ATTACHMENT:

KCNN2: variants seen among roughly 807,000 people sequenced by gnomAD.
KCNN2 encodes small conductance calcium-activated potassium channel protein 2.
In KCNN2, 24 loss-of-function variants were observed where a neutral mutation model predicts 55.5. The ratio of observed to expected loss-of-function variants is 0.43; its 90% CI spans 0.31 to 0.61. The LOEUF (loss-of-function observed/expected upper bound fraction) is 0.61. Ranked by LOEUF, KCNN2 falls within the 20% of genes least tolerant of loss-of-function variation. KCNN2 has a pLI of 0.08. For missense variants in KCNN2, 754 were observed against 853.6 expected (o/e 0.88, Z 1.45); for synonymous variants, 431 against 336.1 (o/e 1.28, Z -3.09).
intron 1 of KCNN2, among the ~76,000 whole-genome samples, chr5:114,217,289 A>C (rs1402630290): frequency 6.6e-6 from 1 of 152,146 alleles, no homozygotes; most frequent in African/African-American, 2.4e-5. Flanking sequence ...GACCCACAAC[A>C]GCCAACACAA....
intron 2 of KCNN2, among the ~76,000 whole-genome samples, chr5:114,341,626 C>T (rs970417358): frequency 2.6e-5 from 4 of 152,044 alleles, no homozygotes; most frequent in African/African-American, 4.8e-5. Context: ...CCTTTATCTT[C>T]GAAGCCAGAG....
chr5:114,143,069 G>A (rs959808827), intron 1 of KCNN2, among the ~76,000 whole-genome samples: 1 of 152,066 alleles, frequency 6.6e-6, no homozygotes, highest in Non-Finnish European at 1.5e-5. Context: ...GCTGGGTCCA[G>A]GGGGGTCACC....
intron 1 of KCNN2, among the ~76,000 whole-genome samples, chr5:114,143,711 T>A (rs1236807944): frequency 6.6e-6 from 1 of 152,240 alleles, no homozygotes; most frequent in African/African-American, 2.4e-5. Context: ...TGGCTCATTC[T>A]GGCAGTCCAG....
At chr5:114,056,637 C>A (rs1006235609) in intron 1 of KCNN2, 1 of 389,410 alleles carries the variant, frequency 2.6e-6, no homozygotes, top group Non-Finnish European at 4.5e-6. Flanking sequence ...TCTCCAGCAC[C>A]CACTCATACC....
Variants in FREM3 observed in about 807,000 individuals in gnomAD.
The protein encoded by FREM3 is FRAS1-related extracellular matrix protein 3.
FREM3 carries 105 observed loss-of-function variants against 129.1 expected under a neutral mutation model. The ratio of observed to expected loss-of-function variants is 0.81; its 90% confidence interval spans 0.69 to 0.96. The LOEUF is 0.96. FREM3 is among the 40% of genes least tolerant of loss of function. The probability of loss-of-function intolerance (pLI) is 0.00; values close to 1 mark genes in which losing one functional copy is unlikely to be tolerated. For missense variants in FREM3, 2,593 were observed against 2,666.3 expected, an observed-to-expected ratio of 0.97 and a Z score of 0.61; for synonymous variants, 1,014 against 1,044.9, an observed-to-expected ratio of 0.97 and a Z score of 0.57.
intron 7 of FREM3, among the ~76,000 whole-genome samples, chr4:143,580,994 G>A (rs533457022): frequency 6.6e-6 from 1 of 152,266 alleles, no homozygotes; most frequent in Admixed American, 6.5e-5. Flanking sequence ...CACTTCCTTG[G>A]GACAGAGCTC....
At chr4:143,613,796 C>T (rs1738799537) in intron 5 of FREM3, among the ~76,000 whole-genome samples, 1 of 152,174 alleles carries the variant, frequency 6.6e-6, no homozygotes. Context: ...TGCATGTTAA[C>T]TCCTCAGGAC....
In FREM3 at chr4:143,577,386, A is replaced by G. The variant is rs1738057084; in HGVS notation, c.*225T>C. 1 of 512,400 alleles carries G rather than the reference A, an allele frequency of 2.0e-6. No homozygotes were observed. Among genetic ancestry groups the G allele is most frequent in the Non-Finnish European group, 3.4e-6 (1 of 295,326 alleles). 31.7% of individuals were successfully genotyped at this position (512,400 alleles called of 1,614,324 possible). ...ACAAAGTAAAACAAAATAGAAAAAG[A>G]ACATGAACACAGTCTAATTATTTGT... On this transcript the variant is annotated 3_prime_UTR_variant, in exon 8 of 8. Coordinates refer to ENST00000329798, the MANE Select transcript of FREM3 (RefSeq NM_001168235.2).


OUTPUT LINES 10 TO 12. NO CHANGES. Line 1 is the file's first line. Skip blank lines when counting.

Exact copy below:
The protein encoded by FREM3 is FRAS1-related extracellular matrix protein 3.
FREM3 carries 105 observed loss-of-function variants against 129.1 expected under a neutral mutation model. The ratio of observed to expected loss-of-function variants is 0.81; its 90% confidence interval spans 0.69 to 0.96. The LOEUF is 0.96. FREM3 is among the 40% of genes least tolerant of loss of function. The probability of loss-of-function intolerance (pLI) is 0.00; values close to 1 mark genes in which losing one functional copy is unlikely to be tolerated. For missense variants in FREM3, 2,593 were observed against 2,666.3 expected, an observed-to-expected ratio of 0.97 and a Z score of 0.61; for synonymous variants, 1,014 against 1,044.9, an observed-to-expected ratio of 0.97 and a Z score of 0.57.
intron 7 of FREM3, among the ~76,000 whole-genome samples, chr4:143,580,994 G>A (rs533457022): frequency 6.6e-6 from 1 of 152,266 alleles, no homozygotes; most frequent in Admixed American, 6.5e-5. Flanking sequence ...CACTTCCTTG[G>A]GACAGAGCTC....